Psalm 91:9-16 (Track 2)
Psalm 91 is a prayer of great confidence by one who has faith in God.  It promises ultimate security for one who trusts in “the Most High.”  Like many of the psalms it is idealistic.  God’s people do suffer, and Christians follow One who suffered in solidarity with us, as both the Old Testament reading and Gospel reading for today testify.

9     Because you have made the Lord your refuge, *
              and the Most High your habitation,
10   There shall no evil happen to you *
              neither shall any plague come near your dwelling.
11   For he shall give his angels charge of you, *
              to keep you in all your ways.
12   They shall bear you in their hands, *
              lest you dash your foot against a stone.
13   You shall tread upon the lion and the adder; *
              you shall trample the young lion and the serpent
                                          under your feet.
14   Because he is bound to me in love,
       therefore will I deliver him; *
              I will protect him, because he knows my Name.
15   He shall call upon me, and I shall answer him; *
              I am with him in trouble;
              I will rescue him and bring him to honor.
16   With long life will I satisfy him, *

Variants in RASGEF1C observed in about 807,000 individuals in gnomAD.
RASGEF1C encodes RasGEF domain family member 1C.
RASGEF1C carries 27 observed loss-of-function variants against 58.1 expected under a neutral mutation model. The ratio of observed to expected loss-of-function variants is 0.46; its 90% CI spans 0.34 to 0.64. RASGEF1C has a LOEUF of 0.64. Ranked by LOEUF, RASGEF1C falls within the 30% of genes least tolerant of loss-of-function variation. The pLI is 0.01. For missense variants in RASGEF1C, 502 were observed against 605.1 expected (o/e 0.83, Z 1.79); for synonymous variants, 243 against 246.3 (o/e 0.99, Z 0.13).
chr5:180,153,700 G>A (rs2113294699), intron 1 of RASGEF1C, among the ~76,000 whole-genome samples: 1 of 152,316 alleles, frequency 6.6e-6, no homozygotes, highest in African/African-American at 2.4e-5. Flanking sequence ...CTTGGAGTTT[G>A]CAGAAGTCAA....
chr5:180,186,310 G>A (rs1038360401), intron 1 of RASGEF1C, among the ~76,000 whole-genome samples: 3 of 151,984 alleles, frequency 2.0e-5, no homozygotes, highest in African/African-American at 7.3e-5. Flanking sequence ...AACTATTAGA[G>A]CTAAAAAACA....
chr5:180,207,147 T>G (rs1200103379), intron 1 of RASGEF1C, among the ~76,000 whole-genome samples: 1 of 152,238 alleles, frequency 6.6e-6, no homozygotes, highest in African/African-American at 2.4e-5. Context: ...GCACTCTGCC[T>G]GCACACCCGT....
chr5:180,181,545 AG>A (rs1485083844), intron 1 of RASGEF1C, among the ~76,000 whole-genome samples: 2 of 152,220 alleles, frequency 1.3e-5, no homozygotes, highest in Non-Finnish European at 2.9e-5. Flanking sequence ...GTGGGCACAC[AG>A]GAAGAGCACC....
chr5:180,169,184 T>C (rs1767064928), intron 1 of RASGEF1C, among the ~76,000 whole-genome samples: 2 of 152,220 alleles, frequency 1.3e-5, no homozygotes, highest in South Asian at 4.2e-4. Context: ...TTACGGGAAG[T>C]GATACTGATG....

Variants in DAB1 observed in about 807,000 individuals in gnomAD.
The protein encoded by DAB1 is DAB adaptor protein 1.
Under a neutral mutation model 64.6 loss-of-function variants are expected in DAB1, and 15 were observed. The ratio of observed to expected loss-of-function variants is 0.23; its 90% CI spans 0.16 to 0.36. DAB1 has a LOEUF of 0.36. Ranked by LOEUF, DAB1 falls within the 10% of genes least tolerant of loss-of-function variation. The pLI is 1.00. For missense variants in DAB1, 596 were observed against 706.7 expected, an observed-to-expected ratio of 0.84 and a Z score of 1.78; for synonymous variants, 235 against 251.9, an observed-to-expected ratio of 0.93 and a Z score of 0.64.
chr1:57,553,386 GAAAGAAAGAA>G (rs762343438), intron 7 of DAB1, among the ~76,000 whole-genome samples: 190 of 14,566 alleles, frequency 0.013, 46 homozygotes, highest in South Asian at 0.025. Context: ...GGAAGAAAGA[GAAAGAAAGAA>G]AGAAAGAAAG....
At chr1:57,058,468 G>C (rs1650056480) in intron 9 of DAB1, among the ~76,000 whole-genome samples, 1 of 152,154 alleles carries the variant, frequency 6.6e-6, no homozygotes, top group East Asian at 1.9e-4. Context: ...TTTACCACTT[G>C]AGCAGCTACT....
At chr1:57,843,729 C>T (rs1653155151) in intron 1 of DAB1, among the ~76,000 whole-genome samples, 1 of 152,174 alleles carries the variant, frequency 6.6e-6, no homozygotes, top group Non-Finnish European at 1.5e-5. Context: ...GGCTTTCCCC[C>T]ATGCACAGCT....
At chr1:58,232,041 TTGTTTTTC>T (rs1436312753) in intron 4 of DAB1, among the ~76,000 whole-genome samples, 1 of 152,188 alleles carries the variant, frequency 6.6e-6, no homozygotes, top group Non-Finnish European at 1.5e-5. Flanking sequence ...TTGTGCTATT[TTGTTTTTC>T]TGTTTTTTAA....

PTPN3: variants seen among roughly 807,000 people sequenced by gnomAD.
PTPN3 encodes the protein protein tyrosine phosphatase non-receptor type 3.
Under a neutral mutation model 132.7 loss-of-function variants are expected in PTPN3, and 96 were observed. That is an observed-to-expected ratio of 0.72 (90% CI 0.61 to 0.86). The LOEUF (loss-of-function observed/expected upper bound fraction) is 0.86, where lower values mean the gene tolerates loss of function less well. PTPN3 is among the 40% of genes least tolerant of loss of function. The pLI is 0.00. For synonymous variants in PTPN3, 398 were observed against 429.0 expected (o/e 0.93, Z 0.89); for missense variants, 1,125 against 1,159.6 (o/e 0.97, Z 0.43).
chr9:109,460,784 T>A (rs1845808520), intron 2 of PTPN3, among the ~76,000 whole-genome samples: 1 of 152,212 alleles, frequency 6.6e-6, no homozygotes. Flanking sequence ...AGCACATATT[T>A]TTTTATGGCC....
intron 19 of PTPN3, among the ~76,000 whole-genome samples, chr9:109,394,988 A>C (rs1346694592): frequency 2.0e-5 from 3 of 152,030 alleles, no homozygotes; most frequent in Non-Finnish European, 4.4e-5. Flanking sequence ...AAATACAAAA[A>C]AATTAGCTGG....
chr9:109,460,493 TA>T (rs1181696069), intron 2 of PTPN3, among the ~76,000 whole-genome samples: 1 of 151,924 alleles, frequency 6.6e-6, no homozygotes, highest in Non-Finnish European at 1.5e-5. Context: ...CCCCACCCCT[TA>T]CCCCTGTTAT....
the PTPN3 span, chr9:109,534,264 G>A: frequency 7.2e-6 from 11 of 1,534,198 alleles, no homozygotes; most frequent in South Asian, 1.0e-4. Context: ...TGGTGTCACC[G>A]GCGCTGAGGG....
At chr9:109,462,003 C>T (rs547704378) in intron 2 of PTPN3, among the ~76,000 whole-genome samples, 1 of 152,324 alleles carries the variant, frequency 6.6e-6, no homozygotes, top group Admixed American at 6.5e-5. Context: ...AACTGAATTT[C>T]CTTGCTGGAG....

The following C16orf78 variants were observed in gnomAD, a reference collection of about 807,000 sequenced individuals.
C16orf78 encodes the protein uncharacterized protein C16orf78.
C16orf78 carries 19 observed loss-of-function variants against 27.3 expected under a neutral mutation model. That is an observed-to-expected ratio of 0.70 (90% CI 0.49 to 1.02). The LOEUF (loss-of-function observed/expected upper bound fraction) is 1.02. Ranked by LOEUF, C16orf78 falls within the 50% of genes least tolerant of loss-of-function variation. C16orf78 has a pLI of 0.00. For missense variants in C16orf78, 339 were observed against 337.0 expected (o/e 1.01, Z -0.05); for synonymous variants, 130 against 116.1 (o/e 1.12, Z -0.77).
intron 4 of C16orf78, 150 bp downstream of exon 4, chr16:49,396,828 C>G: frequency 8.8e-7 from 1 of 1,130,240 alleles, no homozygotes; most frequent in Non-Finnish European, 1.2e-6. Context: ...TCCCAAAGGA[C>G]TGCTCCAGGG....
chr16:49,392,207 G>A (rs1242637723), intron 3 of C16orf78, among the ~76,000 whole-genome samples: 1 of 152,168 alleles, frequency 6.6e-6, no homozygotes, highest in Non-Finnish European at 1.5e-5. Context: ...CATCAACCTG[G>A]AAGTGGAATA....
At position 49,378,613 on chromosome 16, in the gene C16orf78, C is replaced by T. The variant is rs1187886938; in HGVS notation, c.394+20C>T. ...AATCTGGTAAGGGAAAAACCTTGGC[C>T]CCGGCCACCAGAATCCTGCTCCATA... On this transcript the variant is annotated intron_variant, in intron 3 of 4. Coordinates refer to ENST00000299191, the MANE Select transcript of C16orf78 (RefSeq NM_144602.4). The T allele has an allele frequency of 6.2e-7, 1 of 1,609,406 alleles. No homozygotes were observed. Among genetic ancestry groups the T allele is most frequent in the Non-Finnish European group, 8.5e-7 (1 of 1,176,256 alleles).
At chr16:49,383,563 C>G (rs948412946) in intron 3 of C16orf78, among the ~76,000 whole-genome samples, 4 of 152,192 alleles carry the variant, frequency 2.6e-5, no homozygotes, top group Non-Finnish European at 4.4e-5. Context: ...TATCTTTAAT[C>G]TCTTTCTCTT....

and show him my salvation.

2nd Reading:  Hebrews 5:1-10
Hebrews 5 continues the image of Jesus as our eternal high priest, designated by God, who is able to relate to us because he shared our life and our death.  Verses 5 and 6 first quote Psalm 2:7 and then Psalm 110:4.  Melchizedek is a mysterious figure who appears in Genesis 14:17-20.  The author of Hebrews uses this figure, who comes out of nowhere in the Abraham story, and who is given no story, i.e., no beginning and no end, to pre-figure the priesthood of Christ, which is greater than the priesthood of Aaron because it is eternal.

5:1 Every high priest chosen from among mortals is put in charge of things pertaining to God on their behalf, to offer gifts and sacrifices for sins. 2 He is able to deal gently with the ignorant and wayward, since he himself is subject to weakness; 3 and because of this he must offer sacrifice for his own sins as well as for those of the people. 4 And one does not presume to take this honor, but takes it only when called by God, just as Aaron was. 5 So also Christ did not glorify himself in becoming a high priest, but was appointed by the one who said to him, “You are my Son, today I have begotten you;” 6 as he says also in another place, “You are a priest forever, according to the order of Melchizedek.” 7 In the days of his flesh, Jesus offered up prayers and supplications, with loud cries and tears, to the one who was able to save him from death, and he was heard because of his reverent submission. 8 Although he was a Son, he learned obedience through what he suffered; 9 and having been made perfect, he became the source of eternal salvation for all who obey him, 10 having been designated by God a high priest according to the order of Melchizedek.